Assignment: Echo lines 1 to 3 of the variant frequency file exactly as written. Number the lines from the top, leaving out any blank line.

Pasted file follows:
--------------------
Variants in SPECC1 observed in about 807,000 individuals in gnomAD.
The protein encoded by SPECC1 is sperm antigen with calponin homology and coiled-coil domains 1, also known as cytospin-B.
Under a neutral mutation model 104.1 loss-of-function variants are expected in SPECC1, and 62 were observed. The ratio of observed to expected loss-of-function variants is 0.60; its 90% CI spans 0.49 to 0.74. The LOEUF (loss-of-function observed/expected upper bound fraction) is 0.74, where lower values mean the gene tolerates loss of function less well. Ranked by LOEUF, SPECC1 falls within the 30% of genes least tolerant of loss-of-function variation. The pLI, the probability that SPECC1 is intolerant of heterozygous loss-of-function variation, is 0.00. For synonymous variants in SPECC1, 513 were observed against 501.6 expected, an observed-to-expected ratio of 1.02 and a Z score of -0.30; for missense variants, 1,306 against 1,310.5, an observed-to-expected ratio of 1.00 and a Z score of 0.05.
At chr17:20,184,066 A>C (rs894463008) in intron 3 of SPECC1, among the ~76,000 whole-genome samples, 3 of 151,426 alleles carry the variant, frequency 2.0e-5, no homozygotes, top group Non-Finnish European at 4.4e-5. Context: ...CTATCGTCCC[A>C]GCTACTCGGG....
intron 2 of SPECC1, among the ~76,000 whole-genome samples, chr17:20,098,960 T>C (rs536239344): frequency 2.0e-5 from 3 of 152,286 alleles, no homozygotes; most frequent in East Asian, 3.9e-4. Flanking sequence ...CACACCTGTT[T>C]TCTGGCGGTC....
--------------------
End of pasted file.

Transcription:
Variants in SPECC1 observed in about 807,000 individuals in gnomAD.
The protein encoded by SPECC1 is sperm antigen with calponin homology and coiled-coil domains 1, also known as cytospin-B.
Under a neutral mutation model 104.1 loss-of-function variants are expected in SPECC1, and 62 were observed. The ratio of observed to expected loss-of-function variants is 0.60; its 90% CI spans 0.49 to 0.74. The LOEUF (loss-of-function observed/expected upper bound fraction) is 0.74, where lower values mean the gene tolerates loss of function less well. Ranked by LOEUF, SPECC1 falls within the 30% of genes least tolerant of loss-of-function variation. The pLI, the probability that SPECC1 is intolerant of heterozygous loss-of-function variation, is 0.00. For synonymous variants in SPECC1, 513 were observed against 501.6 expected, an observed-to-expected ratio of 1.02 and a Z score of -0.30; for missense variants, 1,306 against 1,310.5, an observed-to-expected ratio of 1.00 and a Z score of 0.05.